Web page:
15. Technical journalists. Understand what the technology does, its purpose, its limits.
  16. General journalists. A more general understanding of the need for simulation of real quantum computers.
  17. Students. A wide range of levels, some overlapping with the other personas, especially if involved with research or internships.
  18. Casual users. Interested in learning about quantum computers, informally.

Users

Major use case #1: Perfect simulation

  1. It’s great for research in ideal algorithms. Theoreticians contemplating the ideal.
  2. It’s the baseline or starting point or foundation for all other use cases.
  3. It’s useful for verifying results of a real machine, such as for Quantum Volume metric calculation and cross-entropy benchmarking.
  4. It’s also useful for testing and debugging for logic errors. To avoid being distracted or sent on wild goose chases by noise.

Major use case #2: Theoretical ideal real simulation

Major use case #3: Match an existing real quantum computer

  1. Debugging. Intermediate and even final quantum states are not observable on a real quantum computer. A classical quantum simulator can capture and record all quantum states.
  2. Rapid turnaround for a large number of executions. For massive testing of small quantum circuits, the network latency to run a quantum circuit could easily be much greater than the time the simulator could simulate the circuit. Plentiful commodity classical computers could permit a very large number of parallel simulations.
  3. Limited access to the actual, real quantum computer system. For new machines and for machines in very high demand, the waiting time could greatly exceed the simulation time.
  4. Faster access and more precise control of execution. Classical code can simulate exactly when it wants and exactly as it wants, not having to deal with all of the vagaries of remote execution in the cloud.
  5. Precise evaluation of intermediate states. As part of validation of the quality of the actual, real quantum computer, as well as precise validation of the execution of quantum algorithms. Similar to debugging, but used differently — debugging may be more interactive and visual, while validation is likely to be automated.

Major use case #4: Match a proposed real quantum computer

  1. A relatively minor adaptation of an existing real quantum computer.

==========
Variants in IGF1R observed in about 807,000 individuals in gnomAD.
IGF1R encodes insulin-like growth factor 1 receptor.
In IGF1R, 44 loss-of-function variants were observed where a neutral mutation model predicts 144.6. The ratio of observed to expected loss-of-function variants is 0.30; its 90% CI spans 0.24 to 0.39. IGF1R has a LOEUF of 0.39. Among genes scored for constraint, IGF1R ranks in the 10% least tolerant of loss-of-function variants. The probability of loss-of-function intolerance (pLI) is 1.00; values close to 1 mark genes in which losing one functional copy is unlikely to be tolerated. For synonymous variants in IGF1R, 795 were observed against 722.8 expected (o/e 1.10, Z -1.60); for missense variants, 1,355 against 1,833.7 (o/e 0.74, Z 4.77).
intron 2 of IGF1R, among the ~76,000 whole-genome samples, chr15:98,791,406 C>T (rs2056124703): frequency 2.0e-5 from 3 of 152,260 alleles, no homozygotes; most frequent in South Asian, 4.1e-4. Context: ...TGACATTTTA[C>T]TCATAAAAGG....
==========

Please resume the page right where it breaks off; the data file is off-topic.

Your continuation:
2. Significant improvements to an existing real quantum computer.
  3. An entirely new quantum computer. Possibly radically distinct from existing quantum computers.

Major use case #5: Near-perfect qubits

  1. Two nines. Roughly current state of the art.
  2. 2.5 nines. A more precise reference to the current state of the art. Corresponds to 99.5% reliability or a 0.5% error rate (0.005 in decimal form.)
  3. Three nines. A little better than the best we have today. May or may not be suitable for quantum error correction.
  4. Four nines. A stretch from where we are today. Probably enough for initial quantum error correction.
  5. Five nines. Possibly a limit for current quantum hardware technologies. Probably needed for efficient quantum error correction.
  6. Six nines. Near-perfect qubit fidelity.
  7. Nine nines. Even closer to perfect.
  8. Twelve nines. Possibly beyond what we can expect to achieve.
  9. Fifteen nines. Almost certainly beyond what we can expect to achieve. But still useful for algorithm research to test the limits of quantum computing.

Determining what the results of a quantum circuit should be — without any of the noise of a real quantum computer

Quantum error correction (QEC)

Would a separate use case be needed for quantum error correction?

Will quantum error correction really be perfect?

Should debugging be a major use case?

Generally, the use cases revolve around criteria for configuring noise and error rates

Simulate before you build

  1. Simulate a completely new quantum computer. Not based on a current quantum computer.
  2. Simulate incremental (or even radical) enhancements to an existing quantum computer.

Why simulate if real hardware is available?

  1. Test algorithms which cannot be run on existing real quantum computers, primarily due to low qubit fidelity of current hardware.
  2. Testing algorithms and applications for qubit fidelities and gate error rates that are different from current real quantum computers.
  3. Debugging — not possible on real quantum computers. Is your algorithm failing due to bugs in your logic or limitations of the hardware?